Sell It on eBay! Instructor Cindy Shebley is a bit of a pioneer. She first discovered the world-famous online marketplace shortly after its inception in 1995 and from that point forward has refined her seller’s skills in tandem with the company’s evolution.
Shebley didn’t come to the virtual marketplace cold, but had several years’ experience running a brick-and-mortar establishment. “At the time, my partner and I had a small shop in Ballard,” she recalls. “We had some inventory in our stock room that didn't sell locally. Not long after my first few auction victories I decided to try my hand at selling them on eBay. Those dusty items quickly sold to buyers all over the world. Life and careers change and mine took a few turns. In 2005 I decided to turn selling on eBay into a full time business.”
Once a seller of items aimed at a particular interest area, Shebley, not unlike many dealers, became something of a forager. “I've tried (selling) a mix of many different things,” she says. “These days you could say I specialize in second hand items. But, I do not rule out selling anything as long as it fits my criteria. When looking for an item to resell on eBay, I try to purchase things that I can buy cheaply enough to sell at a profit AND that someone WANTS to buy.”
Shebley says if you plan to make a regular business of eBay, it’s beneficial to have a passion for the niche you carve out for yourself. “Enjoying your product line keeps the day-to-day routine from getting too monotonous,” she says. “However, if you simply want to supplement your income, or are trying to downsize, then you may want to look around your house for inventory.”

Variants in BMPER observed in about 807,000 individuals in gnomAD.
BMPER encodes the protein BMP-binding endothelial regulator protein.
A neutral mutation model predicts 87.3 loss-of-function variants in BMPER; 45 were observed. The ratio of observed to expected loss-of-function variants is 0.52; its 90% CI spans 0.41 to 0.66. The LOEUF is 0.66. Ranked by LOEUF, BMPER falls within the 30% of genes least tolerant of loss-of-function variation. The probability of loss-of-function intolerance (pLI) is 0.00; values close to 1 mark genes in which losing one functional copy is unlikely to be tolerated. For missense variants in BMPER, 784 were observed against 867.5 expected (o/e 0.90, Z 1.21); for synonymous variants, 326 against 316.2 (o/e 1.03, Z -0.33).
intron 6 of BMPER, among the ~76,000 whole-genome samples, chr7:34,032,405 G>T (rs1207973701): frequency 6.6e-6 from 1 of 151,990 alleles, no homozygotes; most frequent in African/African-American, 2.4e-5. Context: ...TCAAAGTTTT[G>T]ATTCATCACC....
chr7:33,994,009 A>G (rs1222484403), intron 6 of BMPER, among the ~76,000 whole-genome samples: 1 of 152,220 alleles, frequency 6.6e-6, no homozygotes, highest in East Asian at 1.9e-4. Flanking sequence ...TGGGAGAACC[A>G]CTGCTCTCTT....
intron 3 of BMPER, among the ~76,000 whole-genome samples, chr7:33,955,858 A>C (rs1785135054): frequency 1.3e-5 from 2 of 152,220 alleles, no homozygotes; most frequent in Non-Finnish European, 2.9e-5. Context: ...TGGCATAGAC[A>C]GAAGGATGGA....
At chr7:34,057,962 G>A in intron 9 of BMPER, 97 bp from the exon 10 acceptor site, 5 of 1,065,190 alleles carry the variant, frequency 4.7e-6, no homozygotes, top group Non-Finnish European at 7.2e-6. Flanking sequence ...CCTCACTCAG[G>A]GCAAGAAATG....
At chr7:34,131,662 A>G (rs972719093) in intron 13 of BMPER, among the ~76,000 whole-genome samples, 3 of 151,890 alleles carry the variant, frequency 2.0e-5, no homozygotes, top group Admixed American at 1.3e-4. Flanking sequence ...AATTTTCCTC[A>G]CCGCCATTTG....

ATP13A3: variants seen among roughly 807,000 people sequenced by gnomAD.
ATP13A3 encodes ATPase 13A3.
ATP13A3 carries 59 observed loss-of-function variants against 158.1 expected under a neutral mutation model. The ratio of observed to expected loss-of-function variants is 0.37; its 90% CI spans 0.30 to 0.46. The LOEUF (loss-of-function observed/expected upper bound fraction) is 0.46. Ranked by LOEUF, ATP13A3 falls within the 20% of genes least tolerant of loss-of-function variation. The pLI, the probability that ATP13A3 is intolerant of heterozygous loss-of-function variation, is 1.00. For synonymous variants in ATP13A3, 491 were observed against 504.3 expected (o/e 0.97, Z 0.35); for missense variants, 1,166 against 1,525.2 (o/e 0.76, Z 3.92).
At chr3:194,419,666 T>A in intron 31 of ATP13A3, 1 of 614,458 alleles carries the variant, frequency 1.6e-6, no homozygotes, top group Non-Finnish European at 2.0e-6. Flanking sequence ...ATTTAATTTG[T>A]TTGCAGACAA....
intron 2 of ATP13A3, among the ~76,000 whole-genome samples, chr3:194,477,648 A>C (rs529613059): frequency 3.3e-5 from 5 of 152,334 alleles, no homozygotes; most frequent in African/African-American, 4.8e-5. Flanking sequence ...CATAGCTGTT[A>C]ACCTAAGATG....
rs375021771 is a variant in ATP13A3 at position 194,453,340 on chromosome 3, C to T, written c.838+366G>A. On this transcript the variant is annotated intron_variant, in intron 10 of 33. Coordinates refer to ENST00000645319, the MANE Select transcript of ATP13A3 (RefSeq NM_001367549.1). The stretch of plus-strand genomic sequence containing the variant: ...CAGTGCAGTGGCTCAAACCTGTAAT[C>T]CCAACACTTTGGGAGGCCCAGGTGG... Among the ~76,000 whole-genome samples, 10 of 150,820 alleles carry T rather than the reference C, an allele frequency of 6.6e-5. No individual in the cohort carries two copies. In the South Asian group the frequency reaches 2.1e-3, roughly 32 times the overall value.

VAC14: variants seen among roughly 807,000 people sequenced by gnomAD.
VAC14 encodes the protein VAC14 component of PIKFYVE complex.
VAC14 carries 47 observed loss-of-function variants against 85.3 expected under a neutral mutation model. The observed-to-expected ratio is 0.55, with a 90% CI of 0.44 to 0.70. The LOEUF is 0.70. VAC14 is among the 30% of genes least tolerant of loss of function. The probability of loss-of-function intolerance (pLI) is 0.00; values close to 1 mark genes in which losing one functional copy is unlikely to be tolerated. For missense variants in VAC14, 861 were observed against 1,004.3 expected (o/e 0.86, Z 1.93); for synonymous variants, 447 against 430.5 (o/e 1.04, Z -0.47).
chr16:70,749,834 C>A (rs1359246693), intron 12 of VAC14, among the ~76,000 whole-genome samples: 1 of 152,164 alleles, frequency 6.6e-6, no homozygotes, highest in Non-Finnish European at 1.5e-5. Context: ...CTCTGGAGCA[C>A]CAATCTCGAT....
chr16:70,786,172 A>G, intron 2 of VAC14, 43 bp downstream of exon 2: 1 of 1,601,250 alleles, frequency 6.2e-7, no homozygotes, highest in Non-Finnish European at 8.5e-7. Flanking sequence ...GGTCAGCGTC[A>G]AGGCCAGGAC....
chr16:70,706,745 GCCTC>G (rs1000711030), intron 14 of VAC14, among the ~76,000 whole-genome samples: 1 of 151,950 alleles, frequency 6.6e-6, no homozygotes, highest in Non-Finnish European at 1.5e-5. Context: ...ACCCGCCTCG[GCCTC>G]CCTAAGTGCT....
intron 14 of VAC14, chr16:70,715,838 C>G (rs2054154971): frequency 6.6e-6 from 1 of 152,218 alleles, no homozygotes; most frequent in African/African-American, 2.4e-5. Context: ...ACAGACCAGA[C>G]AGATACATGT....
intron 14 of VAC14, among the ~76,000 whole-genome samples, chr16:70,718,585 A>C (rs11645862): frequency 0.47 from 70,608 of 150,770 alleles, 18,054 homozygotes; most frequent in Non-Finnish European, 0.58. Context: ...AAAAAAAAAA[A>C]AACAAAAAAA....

When building an inventory, Shebley recommends selling inexpensive items. “(Start) possibly with a brand name—items that are easy to pack and ship. Keep the first few sales as simple as possible while you get the process worked out. Keeping it simple as you start will reduce the stress while you build success.”
The eBay marketplace has seen a tremendous amount of evolution in functionality and convenience over the years. “I don't even know where to begin describing the changes and growth I've seen,” says Shebley. “eBay’s founder, Pierre Odmidyar, was a pioneer when he first implemented a feedback system shortly after the site was created. He provided a tool people could use to safely transact business with complete strangers on the web.” This feedback tool has not remained a static one, but has experienced an ongoing process of refinement.
Early on, a successful seller of merit was one who took this feedback exchange as a reflection of their professional integrity. “Believe me, we eBayers took feedback very, very seriously,” says Shebley. “One negative feedback was considered an ugly mark against a seller’s reputation. Thank goodness, that's evolved.”
Presently, eBay has done away with the tit-for-tat feedback process in order to stave off retaliatory actions on the part of both buyers and sellers. Sellers may no longer leave negative feedback for a buyer and must seek mediation or file a complaint directly with eBay. The process is not without its critics.
Indeed, there was a time when the eBay community’s self-policing policies came with a tremendous downside akin to Cowboy Justice. “Several years ago I purchased a photo backdrop on eBay,” Shebley recalls. “When it arrived it was the wrong one! When I contacted the seller about it he didn't respond for days. Once he did, he told me I was mistaken and would not take the item back. And, if I pursued the issue he'd leave me negative feedback.”